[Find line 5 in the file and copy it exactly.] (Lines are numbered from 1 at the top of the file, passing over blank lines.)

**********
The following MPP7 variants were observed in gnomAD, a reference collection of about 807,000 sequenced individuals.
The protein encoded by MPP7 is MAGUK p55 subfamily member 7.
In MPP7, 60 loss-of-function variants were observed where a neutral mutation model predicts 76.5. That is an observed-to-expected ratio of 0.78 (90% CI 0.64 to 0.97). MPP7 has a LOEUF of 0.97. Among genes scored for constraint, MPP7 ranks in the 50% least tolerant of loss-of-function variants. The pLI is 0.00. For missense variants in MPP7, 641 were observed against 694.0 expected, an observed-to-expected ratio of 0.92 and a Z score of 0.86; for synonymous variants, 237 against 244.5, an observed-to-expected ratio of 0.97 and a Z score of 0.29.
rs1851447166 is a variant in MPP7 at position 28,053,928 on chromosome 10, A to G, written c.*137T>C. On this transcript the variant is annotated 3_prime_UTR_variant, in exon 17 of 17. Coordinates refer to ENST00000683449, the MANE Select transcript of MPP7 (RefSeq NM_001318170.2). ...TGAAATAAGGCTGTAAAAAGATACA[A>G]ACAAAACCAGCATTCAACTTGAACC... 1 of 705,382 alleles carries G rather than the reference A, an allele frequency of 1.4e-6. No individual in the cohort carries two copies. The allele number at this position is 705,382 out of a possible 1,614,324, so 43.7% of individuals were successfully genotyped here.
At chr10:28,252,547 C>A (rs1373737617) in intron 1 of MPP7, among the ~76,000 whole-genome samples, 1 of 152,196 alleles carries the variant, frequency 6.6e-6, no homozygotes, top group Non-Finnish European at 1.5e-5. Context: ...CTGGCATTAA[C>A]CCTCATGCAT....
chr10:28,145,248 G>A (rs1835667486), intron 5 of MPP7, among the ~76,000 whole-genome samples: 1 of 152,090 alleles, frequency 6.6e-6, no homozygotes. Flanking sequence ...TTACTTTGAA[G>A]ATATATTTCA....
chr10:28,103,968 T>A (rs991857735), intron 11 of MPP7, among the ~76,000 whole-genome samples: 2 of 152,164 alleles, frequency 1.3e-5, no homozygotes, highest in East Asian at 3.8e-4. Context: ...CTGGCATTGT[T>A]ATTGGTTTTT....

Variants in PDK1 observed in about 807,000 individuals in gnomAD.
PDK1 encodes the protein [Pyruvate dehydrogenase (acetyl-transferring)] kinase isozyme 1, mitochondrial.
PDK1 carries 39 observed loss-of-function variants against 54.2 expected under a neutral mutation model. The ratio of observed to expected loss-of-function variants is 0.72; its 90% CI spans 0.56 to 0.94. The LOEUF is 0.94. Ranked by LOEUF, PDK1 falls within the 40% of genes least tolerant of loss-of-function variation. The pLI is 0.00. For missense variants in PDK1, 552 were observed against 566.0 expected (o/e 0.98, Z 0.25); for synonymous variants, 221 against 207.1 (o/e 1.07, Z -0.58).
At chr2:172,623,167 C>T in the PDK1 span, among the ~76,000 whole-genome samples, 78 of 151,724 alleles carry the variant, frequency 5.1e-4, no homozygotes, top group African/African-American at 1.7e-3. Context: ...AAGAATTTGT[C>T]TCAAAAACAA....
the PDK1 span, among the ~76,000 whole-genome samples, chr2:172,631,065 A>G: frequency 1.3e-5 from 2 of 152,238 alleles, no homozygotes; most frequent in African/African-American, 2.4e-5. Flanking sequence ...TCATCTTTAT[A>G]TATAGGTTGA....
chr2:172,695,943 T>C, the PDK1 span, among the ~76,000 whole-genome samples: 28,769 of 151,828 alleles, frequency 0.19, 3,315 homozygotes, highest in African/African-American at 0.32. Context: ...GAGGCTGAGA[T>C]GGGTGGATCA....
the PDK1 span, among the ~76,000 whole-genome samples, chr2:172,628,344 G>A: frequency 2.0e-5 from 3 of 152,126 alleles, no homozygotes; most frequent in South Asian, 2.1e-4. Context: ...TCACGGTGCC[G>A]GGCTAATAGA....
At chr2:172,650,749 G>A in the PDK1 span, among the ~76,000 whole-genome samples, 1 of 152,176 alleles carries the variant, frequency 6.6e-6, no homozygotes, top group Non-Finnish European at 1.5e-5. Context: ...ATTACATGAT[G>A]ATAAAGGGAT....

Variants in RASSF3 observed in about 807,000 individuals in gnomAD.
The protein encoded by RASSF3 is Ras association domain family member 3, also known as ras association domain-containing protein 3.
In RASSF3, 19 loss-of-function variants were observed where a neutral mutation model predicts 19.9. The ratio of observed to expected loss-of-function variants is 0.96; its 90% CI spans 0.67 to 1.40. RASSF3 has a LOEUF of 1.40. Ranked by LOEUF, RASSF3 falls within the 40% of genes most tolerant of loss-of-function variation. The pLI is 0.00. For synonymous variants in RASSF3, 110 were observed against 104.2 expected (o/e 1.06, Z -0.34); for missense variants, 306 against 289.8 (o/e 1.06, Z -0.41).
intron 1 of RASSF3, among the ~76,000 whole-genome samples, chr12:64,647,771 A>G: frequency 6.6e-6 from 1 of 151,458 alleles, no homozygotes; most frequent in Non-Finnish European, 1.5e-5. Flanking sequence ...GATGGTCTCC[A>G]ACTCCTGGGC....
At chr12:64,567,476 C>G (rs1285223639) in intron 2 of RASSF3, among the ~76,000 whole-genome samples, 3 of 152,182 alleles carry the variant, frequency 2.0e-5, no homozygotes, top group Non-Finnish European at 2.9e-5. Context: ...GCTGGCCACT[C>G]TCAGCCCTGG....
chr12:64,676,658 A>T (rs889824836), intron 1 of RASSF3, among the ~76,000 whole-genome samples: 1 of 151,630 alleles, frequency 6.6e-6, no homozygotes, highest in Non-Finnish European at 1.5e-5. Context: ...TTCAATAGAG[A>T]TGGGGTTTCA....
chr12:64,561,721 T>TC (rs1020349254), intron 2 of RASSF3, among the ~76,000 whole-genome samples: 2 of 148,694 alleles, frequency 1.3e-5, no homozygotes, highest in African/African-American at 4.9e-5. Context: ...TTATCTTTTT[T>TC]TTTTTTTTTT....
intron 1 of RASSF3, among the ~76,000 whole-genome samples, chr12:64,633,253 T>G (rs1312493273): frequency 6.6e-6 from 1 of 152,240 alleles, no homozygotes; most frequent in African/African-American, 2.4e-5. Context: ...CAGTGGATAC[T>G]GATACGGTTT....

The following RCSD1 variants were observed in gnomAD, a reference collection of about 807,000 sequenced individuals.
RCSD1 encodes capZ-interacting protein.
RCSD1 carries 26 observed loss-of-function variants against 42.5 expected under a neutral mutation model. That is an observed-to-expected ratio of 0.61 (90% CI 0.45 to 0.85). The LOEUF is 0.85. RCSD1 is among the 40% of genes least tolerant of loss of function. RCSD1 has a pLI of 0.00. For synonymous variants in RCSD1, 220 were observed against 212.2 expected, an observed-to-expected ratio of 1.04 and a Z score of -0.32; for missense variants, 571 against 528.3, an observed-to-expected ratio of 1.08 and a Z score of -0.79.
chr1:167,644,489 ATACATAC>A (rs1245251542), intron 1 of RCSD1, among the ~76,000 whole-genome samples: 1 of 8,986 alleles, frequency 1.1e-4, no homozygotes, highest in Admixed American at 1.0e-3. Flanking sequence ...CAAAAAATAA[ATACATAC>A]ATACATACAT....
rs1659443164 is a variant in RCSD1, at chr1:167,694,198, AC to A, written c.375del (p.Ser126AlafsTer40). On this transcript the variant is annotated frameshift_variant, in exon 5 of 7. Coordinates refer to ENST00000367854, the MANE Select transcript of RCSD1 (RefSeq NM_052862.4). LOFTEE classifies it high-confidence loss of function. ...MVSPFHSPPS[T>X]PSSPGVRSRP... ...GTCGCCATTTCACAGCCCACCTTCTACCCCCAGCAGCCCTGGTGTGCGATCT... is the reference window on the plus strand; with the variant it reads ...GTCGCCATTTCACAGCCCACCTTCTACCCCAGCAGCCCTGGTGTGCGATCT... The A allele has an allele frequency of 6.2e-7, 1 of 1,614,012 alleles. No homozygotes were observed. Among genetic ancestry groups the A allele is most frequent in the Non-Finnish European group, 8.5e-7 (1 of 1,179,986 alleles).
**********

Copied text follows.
At chr10:28,252,547 C>A (rs1373737617) in intron 1 of MPP7, among the ~76,000 whole-genome samples, 1 of 152,196 alleles carries the variant, frequency 6.6e-6, no homozygotes, top group Non-Finnish European at 1.5e-5. Context: ...CTGGCATTAA[C>A]CCTCATGCAT....